Posted on: June 30th, 2024 by St. Stephens Downsview

Everyone good? Today, I’d like to share some reflections from Mark’s Gospel, Chapter Five, verses 22 to 24. This passage introduces us to Jairus, one of the leaders of the synagogue. Jairus came to Jesus, fell at His feet, and begged repeatedly, “My little daughter is at the point of death. Come and lay your hands on her so that she may be made well and live.” Moved by his plea, Jesus went with him.

The Journey from Fear to Faith

We often encounter fear of the unknown, fear of others’ opinions, and fear of change. These fears can overwhelm us, particularly when we are praying for something we desperately need. Just last Sunday, we heard in the Gospel reading about the disciples’ fear during a powerful storm at sea, with Jesus asleep in the boat. Mark’s account, I believe, is not random but carefully placed to highlight a transformation from fear to faith.

In the midst of that storm, the disciples were terrified. When Jesus woke and calmed the storm, the disciples asked, “Who then is this, that even the wind and the waves obey him?” This question captured their ignorance, confusion, and the beginning of their understanding. It opened a pathway to deeper faith.

Embracing Christian Discipleship

Our Christian journey is fraught with uncertainties. We are bound to face situations where we feel unsure and afraid. How do we navigate the space between fear and faith? Jairus faced this predicament as his daughter lay dying. He risked his reputation and sought out Jesus amid a crowd clamoring for His attention. Despite his fears, Jairus begged Jesus repeatedly, demonstrating his readiness to shed any pretense.

Jesus responded without hesitation, following Jairus to his home. Upon arrival, Jesus took Jairus’s daughter by the hand and said, “Talitha koum,” meaning “Little girl, get up.” Immediately, she got up and started walking as if nothing was ever wrong. Jesus told Jairus, “Do not fear, only believe.”

Confronting Our Own Fears

We are often held back from reaching out to God due to our fears and misconceptions. We might feel our concerns are less pressing than others or consider ourselves unworthy. These fears mirror those of the woman suffering from hemorrhages for twelve years. By Jewish law, her touch would make others ceremonially unclean. Yet, in her desperation and faith, she touched Jesus’s clothes, believing she would be healed.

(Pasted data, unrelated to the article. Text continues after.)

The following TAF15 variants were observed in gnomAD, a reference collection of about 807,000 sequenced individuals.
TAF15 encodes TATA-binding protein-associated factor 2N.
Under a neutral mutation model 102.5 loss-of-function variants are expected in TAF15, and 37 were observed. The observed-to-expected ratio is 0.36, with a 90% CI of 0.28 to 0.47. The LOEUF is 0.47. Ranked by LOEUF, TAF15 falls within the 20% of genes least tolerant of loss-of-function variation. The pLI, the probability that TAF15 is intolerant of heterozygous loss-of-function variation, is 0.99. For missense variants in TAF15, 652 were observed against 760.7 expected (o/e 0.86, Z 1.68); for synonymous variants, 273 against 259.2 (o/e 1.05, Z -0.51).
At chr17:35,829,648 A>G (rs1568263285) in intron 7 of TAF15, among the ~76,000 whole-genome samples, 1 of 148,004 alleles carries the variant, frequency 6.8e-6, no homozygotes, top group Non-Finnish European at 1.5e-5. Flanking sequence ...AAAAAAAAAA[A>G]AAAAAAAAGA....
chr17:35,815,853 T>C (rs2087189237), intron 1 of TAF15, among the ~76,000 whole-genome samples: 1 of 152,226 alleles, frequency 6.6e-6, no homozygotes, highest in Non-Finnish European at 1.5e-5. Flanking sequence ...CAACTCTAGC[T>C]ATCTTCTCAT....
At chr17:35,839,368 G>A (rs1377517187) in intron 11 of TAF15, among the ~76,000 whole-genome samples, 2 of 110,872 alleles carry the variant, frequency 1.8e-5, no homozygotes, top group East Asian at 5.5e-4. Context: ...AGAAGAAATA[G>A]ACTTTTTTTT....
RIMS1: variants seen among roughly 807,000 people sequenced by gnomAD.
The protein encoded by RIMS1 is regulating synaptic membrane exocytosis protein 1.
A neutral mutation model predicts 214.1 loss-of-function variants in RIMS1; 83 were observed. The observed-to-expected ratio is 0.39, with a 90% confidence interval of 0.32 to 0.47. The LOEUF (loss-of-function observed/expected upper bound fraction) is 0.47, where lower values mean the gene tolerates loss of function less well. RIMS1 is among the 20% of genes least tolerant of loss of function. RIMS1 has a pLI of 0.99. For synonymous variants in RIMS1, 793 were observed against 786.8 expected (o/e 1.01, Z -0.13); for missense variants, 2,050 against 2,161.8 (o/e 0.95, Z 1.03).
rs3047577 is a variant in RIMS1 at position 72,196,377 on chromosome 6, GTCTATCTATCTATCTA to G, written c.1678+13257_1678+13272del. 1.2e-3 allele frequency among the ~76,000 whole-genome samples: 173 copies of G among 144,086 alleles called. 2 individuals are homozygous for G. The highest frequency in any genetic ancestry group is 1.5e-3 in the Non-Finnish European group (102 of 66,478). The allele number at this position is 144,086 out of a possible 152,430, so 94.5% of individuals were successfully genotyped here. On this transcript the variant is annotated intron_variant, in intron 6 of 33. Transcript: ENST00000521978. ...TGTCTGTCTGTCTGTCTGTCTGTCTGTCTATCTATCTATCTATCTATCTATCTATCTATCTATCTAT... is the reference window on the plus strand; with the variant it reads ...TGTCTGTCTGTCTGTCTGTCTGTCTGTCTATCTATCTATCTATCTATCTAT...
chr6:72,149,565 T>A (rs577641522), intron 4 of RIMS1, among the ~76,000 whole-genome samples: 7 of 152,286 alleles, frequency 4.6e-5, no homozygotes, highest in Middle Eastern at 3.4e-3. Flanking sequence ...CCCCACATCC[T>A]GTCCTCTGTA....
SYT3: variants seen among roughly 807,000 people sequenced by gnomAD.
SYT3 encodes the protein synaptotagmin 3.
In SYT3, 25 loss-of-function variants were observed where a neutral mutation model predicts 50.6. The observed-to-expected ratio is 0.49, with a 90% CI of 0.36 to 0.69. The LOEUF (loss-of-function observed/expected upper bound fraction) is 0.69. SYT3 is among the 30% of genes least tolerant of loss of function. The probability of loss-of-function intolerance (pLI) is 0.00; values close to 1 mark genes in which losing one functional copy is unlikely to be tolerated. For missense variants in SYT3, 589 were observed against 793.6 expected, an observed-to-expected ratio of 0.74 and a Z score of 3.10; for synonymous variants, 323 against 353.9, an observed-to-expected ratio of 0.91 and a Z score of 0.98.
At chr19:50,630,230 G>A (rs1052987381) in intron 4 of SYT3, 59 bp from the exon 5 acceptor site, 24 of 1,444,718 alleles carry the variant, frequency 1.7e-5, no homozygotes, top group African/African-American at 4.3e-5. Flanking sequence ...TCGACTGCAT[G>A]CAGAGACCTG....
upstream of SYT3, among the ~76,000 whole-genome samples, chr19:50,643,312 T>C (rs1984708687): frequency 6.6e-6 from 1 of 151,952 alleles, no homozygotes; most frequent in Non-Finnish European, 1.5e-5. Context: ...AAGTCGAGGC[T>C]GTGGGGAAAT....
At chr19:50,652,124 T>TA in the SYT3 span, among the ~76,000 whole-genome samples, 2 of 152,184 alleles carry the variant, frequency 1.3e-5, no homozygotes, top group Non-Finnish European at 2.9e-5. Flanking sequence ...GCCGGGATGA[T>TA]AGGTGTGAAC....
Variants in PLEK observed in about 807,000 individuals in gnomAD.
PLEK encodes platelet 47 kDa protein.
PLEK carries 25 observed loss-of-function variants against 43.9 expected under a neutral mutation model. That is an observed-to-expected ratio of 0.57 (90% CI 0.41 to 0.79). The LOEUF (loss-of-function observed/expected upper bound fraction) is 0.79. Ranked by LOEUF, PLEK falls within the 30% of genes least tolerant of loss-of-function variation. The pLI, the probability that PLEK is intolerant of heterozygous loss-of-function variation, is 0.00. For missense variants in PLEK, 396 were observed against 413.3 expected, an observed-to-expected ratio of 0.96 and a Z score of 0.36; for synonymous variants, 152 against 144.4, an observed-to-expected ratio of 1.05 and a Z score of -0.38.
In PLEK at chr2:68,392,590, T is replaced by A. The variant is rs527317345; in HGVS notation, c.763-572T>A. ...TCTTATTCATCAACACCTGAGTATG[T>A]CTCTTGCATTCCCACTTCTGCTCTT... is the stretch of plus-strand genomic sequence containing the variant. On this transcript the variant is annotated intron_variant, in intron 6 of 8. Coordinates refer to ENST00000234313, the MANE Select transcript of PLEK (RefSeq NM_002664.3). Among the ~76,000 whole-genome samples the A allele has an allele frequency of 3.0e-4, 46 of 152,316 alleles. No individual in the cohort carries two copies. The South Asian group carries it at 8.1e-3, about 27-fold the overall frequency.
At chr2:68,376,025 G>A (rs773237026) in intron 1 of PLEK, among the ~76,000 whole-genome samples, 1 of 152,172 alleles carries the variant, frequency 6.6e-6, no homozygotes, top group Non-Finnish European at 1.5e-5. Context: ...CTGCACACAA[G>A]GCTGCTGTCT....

The Miraculous Power of Faith

This woman’s touch became her channel for healing. She acted on her faith, despite her fears. Like Jairus and this woman, we are called to have faith in Jesus’s presence among us. This faith draws us out from the dark places in our lives, from following the crowd, and from merely being admirers of Jesus. It pulls us into a deeper, more committed discipleship.

Jesus calls us away from our fears and into faith, much like He did the disciples who were hiding in fear before Pentecost. In the upper room, they were transformed by God’s presence, transitioning from fear to bold, public proclamation of their faith.

The Light of Christ in Our Lives

Every day, in morning prayer, we recite the Benedictus, declaring, “In the tender compassion of our God, the dawn from on high shall break upon us to shine upon those who dwell in darkness and the shadow of death and to guide our feet into the way of peace.”

The shadow of death doesn’t just mean physical death; it symbolizes all the areas we try to shield from God’s light. It’s like a solar eclipse that temporarily blocks the sun’s light. Christ’s light, however, penetrates even these dark corners, leading us into peace.

Keeping Our Eyes on Jesus

As Jesus guided Jairus through his fears, He guides us too. By focusing our faith on Him, we learn to navigate the space between fear and faith. Jesus’s words resonate deeply: “Do not fear. Just believe.”

In this journey, let’s keep our eyes trained on Jesus. It is only through Him that we can transform our fears into unwavering faith.